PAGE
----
Editor’s Note: In honor of Blood Cancer Awareness Month and Childhood Cancer Awareness Month, OTW is featuring articles from those who have personal experience with these cancers. We encourage you to give these articles a good read, and consider how you can get involved.
My sweet baby girl had fallen asleep in my arms, her rosy cheeks so kissable. I was surprised she did, the music was so loud. I sat down on the flagstone steps, rocking her, and looked up into the night sky. The stars were bright, a perk to being in the mountains, away from the city. Twinkle lights around the dance floor sparkled. The full moon was peeking through the towering pine trees, trying to catch a glimpse of the action on the dance floor. I love the full moon. It was a perfect evening in the foothills.
The song changed and everyone on the dance floor screamed and cheered. I couldn’t help but laugh at their excitement, laughing also thinking of how much my sister-in-law dislikes that song.
“Do you ever feel, like a plastic bag drifting through the wind, wanting to start again?
Do you ever feel, feel so paper thin like a house of cards, one blow from caving in?”
As I sat there enjoying the chaos, a wheelchair passed next to me onto the dance floor. In it was a little girl, maybe eight years old, her dad behind her. He walked around the chair, took her hands and gently raised her to stand; she was shaky and unsure.
My breath caught in my chest.
Immediately people circled around her, cheered and made her feel like the best dancer on the floor. As the song reached, “’Cause baby, you’re a firework. Come on, show ’em what you’re worth . . .” her dad reached down, lifting her into his strong arms, and he danced, holding her close.
I couldn’t help the sobs, the tears, the ache in my chest. I thought to myself, “How did I get here?” Then I saw him; his little stride, running through the crowd, more interested in playing than dancing. He’s my four-year-old son, Nolan, and like the girl in the wheelchair, he has cancer. Acute Lymphoblastic Leukemia to be exact. The most common type of childhood cancer.
We were at Camp Okizu, it was the last night of Family Camp, and he’d had a great time. Camp Okizu is not your ordinary summer camp; you can’t write a check, or register early to get there. You have to have cancer.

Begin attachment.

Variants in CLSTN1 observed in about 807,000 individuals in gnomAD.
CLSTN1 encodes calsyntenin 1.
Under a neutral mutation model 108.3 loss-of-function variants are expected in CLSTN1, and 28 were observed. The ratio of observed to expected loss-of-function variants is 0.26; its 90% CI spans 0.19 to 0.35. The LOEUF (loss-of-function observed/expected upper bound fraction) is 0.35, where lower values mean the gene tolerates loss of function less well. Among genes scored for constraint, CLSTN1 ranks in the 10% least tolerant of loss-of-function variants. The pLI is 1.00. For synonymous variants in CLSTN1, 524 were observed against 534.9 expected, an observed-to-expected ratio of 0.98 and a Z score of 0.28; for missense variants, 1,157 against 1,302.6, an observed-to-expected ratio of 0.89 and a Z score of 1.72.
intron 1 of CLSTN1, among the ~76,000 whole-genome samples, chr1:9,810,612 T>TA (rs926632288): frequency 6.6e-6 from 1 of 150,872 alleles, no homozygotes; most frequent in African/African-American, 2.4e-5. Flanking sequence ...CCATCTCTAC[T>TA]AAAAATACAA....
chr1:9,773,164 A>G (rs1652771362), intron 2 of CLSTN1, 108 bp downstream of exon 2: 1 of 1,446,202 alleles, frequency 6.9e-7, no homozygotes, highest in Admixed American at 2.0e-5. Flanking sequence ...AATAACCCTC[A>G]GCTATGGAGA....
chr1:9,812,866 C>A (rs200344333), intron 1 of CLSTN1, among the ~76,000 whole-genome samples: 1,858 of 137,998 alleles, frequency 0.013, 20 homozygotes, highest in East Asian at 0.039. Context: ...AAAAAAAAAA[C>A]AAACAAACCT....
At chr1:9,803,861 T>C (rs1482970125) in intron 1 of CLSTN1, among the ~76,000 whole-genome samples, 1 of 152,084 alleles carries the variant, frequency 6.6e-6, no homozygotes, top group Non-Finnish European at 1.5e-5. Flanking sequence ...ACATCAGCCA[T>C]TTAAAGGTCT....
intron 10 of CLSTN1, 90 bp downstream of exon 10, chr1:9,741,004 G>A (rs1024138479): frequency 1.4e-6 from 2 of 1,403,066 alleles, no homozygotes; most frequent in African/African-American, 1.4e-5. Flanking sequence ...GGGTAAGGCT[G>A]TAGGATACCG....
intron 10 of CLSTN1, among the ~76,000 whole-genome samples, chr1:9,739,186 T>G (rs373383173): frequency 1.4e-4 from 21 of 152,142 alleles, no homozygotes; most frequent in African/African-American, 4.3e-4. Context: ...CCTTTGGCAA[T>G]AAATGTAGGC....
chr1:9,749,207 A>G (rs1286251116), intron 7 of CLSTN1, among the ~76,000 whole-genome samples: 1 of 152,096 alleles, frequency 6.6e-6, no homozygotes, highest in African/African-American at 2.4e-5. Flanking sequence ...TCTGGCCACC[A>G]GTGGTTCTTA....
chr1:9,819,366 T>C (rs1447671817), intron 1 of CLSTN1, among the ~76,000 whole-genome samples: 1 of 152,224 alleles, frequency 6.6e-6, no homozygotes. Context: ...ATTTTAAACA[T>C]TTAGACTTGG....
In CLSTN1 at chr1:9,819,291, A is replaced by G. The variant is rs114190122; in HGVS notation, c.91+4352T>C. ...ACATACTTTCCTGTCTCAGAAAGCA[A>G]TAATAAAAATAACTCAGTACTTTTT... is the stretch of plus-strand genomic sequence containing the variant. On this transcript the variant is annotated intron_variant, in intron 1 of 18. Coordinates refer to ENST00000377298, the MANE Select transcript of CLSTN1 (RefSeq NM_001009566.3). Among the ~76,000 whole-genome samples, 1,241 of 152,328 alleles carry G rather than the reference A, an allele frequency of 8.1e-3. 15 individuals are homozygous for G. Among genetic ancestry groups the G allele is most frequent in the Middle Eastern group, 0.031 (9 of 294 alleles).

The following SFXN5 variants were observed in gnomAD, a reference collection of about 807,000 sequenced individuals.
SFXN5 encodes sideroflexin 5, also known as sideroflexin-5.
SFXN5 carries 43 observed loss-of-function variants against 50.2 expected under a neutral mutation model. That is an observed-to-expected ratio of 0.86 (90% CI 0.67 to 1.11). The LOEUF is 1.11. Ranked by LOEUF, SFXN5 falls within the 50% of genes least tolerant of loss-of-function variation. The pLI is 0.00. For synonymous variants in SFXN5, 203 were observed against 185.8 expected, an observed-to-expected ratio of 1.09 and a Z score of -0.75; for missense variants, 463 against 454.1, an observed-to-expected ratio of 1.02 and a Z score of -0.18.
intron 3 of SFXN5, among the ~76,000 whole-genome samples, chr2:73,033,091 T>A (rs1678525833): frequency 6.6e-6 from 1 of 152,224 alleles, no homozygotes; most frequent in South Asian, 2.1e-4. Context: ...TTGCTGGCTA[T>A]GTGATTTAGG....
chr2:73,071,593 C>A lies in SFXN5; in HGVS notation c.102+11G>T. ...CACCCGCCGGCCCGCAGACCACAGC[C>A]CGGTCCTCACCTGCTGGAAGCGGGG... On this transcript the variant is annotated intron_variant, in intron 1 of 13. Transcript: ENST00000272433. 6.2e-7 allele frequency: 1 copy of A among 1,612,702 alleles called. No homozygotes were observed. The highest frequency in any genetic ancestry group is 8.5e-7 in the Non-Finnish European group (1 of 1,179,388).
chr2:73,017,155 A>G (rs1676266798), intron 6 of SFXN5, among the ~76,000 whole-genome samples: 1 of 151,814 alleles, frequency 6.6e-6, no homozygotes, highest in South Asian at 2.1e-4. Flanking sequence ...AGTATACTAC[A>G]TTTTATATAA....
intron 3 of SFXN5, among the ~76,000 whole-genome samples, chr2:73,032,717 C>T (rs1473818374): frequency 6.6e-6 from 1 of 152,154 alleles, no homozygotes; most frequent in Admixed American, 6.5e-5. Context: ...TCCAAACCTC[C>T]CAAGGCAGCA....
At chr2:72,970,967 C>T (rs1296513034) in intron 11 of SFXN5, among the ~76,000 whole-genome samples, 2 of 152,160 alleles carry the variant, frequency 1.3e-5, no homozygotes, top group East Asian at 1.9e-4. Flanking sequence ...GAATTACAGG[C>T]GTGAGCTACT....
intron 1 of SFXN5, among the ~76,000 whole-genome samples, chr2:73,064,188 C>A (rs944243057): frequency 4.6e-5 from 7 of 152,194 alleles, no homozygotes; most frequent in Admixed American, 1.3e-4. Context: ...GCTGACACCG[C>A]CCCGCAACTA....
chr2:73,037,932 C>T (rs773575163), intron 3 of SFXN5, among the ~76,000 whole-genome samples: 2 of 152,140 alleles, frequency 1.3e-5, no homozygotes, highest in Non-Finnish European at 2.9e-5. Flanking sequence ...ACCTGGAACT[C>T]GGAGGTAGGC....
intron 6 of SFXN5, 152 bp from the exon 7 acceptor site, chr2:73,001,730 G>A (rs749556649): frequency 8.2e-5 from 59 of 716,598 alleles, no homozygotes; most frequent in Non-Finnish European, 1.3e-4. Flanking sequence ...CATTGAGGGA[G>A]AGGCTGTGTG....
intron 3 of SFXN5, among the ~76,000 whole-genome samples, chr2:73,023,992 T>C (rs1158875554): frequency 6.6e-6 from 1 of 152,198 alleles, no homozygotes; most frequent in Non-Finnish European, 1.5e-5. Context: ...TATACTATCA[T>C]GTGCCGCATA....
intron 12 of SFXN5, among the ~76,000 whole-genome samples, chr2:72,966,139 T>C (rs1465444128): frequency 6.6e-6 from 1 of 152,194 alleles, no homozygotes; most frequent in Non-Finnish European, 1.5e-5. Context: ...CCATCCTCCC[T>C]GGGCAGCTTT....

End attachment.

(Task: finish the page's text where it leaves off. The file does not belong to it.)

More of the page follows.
The dance floor was full of children, parents and volunteers, all somehow touched, affected — lives changed, by cancer. You’d never know though, seeing the joy, happiness and fun happening on that evening.
Nolan was diagnosed on February 2, 2010, he was just eighteen months old. That date is forever burned into my memory. You never think it’s going to be you. You never take your child to the pediatrician thinking that night you’ll be rushing him to the ICU. You never think that someone else’s blood will save your child’s life.
I thought I might try to explain in words how it feels to have a child with cancer . . .
Then I deleted all of it because it wasn’t enough. There are no words for it, there is so much that cannot be conveyed. Some things you simply have to feel to understand. Like seeing the ocean, you cannot grasp its intensity or enormity until you have had its wind in your face, its roar in your ears.
As I think back over the last few years, it’s dizzying to think of all that my son and our family have endured together. As I write this, my chest is aching with the familiar pangs of anxiety that have become normal to me.
There have also been beautiful moments, people with beautiful hearts that have stood with us. Shaved their heads, sent us on dates, cleaned our house, paid our bills, folded laundry, put a new stroller on our porch, brought us diapers, made us food, helped us laugh, let us cry.